The use of continuous exposure data for predicting CTS in fish processing operators
Abbreviated Journal Title
work related musculoskeletal disorders; carpal tunnel syndrome; risk; factor interactions; prediction model; CARPAL-TUNNEL SYNDROME; UPPER-LIMB DISORDERS; WORKERS; GONIOMETER; MOVEMENTS; INDUSTRY; Engineering, Industrial; Ergonomics; Psychology, Applied; Psychology
Carpal tunnel syndrome (CTS) remains one of the most commonly reported and studied work related musculoskeletal disorders. Categorical representations of exposures has been critical in identifying associations between risk factors and CTS, however, quantification of exposure - response relationships require using continuous exposure data. Also, few interactions between risk factors, especially between risk factor categories, have been investigated. The objectives of this study were to investigate the utility of using continuous exposure data and to identify interaction effects of risk factors, both within and between risk factor categories, for predicting CTS. A cross sectional study was performed at a fish processing facility in which 53 participants were evaluated during normal task performance. Due to task asymmetry, each hand was considered separately, providing 106 hands for analysis. Direct measurement and a questionnaire were used to quantify exposures to common occupational and personal risk factors. Stepwise logistic regression analysis was performed to identify three models for predicting CTS and assess predictive ability using: occupational risk factors only (three-way interactions considered), personal risk factors only (two-way interactions considered), and a mixed model considering two-way interactions across risk factor categories and previously identified significant interactions. Models including only occupational or personal risk factors were moderately accurate overall (73% and 77% respectively), but were not sensitive in differentiating between CTS cases and non-cases (39% and 33% respectively). The mixed model was found to be accurate (88%) and sensitive (78%), though only one interaction effect was included. The results of this study illustrate the importance of using continuous exposure data, especially in job tasks where exposures to occupational risk factors is similar, when differentiating between high and low risk job tasks.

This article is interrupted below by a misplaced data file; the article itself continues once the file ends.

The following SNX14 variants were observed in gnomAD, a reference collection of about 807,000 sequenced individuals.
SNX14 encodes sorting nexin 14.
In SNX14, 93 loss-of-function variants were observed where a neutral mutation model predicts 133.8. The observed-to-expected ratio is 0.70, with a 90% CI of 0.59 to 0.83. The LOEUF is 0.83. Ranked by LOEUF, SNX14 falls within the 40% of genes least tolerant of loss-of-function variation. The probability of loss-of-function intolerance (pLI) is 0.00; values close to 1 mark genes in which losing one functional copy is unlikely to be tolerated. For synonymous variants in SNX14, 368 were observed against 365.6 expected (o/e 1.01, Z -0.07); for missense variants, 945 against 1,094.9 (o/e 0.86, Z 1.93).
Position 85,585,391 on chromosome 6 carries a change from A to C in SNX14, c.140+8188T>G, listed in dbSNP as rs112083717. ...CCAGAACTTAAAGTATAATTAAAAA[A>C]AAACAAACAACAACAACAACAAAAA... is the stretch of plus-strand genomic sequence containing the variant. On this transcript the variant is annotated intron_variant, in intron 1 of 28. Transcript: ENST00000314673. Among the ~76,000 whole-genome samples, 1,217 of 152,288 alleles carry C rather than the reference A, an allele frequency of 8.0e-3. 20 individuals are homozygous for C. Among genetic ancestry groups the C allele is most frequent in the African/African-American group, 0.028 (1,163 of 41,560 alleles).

"The use of continuous exposure data for predicting CTS in fish processing operators" (2003). Faculty Bibliography 2000s. 3601.